Excessive Drinking Harms Function of Serotonin in the Brain

A recent Swedish study shows that serotonin, a vital brain neurotransmitter, has a role in developing and curing depression and chronic anxiety. While the neurotransmitter is empowered to regulate impulses and human abilities to sleep or to stay awake, it has been found that excessive drinking harms the function of serotonin in the brain in a short amount of time.

A recent online news post states that experts analyzed the brain functions of over 40 people, one-third of them being women, and found that women are apt to suffer a 50 percent drop in the number of serotonin functions after only four years of heavy drinking. Kristina Berglund, the lead author of the study, says the research findings show that the damage is especially rapid for women.

Berglund explained that they were not surprised to find the impaired serotonin function in the excessive drinkers’ brains, but they were surprised by how much more in danger women were than men in regard to brain functioning. Berglund emphasized the danger of how the functioning of the brain was impaired and was especially concerned with the rapid nature of the damage.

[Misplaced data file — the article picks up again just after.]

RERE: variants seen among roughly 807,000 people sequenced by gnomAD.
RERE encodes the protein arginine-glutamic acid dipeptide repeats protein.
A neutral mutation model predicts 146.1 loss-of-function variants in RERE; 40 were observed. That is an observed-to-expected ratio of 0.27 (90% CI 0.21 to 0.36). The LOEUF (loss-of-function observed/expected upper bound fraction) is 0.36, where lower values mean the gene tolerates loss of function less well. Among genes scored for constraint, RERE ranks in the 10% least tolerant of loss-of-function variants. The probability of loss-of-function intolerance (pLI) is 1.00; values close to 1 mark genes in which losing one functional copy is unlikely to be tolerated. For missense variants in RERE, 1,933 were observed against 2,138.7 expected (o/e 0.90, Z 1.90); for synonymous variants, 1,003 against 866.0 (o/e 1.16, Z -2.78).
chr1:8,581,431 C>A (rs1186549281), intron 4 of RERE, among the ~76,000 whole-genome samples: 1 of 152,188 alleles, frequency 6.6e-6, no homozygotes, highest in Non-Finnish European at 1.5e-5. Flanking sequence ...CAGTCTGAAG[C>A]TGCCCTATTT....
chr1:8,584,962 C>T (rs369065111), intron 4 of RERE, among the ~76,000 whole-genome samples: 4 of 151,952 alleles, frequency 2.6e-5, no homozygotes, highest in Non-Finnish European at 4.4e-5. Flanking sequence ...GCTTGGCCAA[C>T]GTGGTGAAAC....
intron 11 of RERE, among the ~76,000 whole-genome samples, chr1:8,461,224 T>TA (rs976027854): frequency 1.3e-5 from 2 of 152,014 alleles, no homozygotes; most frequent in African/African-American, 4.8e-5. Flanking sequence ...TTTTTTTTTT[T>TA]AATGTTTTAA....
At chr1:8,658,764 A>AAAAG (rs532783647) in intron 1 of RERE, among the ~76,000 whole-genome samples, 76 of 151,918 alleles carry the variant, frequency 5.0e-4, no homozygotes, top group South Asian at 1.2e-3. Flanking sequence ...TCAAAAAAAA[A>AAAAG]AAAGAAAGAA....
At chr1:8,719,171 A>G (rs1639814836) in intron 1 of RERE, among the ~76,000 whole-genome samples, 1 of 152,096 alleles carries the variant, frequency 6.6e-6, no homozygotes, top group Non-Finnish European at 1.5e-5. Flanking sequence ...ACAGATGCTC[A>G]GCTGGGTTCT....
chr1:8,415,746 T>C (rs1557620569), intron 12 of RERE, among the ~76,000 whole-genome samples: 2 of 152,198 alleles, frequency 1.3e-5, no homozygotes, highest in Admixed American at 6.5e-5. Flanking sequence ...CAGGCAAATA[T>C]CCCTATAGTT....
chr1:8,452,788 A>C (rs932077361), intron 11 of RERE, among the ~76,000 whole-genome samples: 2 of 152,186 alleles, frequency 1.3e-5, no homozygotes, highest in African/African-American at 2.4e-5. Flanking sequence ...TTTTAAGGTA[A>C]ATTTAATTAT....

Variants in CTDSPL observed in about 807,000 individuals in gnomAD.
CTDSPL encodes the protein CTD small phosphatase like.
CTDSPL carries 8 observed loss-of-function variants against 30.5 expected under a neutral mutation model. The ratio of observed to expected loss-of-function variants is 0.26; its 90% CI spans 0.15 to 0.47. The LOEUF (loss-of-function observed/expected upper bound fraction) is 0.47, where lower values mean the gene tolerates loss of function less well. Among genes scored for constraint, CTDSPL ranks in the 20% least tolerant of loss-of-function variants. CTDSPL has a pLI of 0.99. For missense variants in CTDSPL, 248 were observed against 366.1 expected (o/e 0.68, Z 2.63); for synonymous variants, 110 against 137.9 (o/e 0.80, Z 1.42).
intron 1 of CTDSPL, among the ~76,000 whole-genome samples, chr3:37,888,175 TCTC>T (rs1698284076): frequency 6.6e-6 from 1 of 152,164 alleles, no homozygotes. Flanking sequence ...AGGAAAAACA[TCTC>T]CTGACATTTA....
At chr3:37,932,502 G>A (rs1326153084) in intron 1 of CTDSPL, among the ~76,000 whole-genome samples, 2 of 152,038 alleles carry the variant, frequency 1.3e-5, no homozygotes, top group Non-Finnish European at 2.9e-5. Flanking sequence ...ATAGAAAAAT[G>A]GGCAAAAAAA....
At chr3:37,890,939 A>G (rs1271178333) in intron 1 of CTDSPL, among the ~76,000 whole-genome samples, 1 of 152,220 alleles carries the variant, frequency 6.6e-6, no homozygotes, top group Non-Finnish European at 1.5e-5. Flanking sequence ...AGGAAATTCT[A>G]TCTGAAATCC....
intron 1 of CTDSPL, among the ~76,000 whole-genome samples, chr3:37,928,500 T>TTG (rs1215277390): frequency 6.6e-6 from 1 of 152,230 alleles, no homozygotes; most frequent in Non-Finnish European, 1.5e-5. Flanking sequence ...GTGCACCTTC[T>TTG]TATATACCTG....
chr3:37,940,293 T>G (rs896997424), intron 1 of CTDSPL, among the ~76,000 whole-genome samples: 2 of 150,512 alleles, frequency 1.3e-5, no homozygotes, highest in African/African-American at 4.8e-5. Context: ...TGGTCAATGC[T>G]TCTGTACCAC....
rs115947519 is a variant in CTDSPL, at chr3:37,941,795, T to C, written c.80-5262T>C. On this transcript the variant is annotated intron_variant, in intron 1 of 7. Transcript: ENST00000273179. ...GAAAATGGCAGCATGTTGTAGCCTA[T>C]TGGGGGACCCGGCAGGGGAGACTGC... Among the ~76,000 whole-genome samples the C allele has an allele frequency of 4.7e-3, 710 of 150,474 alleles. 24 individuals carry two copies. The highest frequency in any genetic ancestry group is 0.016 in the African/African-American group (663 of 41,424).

Another report conducted by the Health Research Board exposed an increase of over 40 percent in the number of cases for treatment of alcohol abuse in the past six years. The report further noted alcohol as the root of problems for treatment of drug cases, with over 42,000 cases in the five years between 2005 and 2010.

The authors are concerned about how quickly the female brain can incur damage caused by excessive alcohol consumption.